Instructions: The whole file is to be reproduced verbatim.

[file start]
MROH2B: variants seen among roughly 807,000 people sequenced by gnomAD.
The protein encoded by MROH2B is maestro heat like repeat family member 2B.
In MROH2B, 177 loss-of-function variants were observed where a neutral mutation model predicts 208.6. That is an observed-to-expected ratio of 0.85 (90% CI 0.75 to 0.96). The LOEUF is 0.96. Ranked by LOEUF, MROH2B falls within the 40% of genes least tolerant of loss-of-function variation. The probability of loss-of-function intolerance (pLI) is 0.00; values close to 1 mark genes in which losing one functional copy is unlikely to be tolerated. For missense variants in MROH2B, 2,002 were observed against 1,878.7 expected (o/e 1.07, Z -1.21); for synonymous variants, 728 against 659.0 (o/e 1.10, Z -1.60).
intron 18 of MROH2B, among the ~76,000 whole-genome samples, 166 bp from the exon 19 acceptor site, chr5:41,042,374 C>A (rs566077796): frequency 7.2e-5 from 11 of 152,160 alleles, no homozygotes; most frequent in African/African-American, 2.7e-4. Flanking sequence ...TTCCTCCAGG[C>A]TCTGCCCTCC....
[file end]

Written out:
MROH2B: variants seen among roughly 807,000 people sequenced by gnomAD.
The protein encoded by MROH2B is maestro heat like repeat family member 2B.
In MROH2B, 177 loss-of-function variants were observed where a neutral mutation model predicts 208.6. That is an observed-to-expected ratio of 0.85 (90% CI 0.75 to 0.96). The LOEUF is 0.96. Ranked by LOEUF, MROH2B falls within the 40% of genes least tolerant of loss-of-function variation. The probability of loss-of-function intolerance (pLI) is 0.00; values close to 1 mark genes in which losing one functional copy is unlikely to be tolerated. For missense variants in MROH2B, 2,002 were observed against 1,878.7 expected (o/e 1.07, Z -1.21); for synonymous variants, 728 against 659.0 (o/e 1.10, Z -1.60).
intron 18 of MROH2B, among the ~76,000 whole-genome samples, 166 bp from the exon 19 acceptor site, chr5:41,042,374 C>A (rs566077796): frequency 7.2e-5 from 11 of 152,160 alleles, no homozygotes; most frequent in African/African-American, 2.7e-4. Flanking sequence ...TTCCTCCAGG[C>A]TCTGCCCTCC....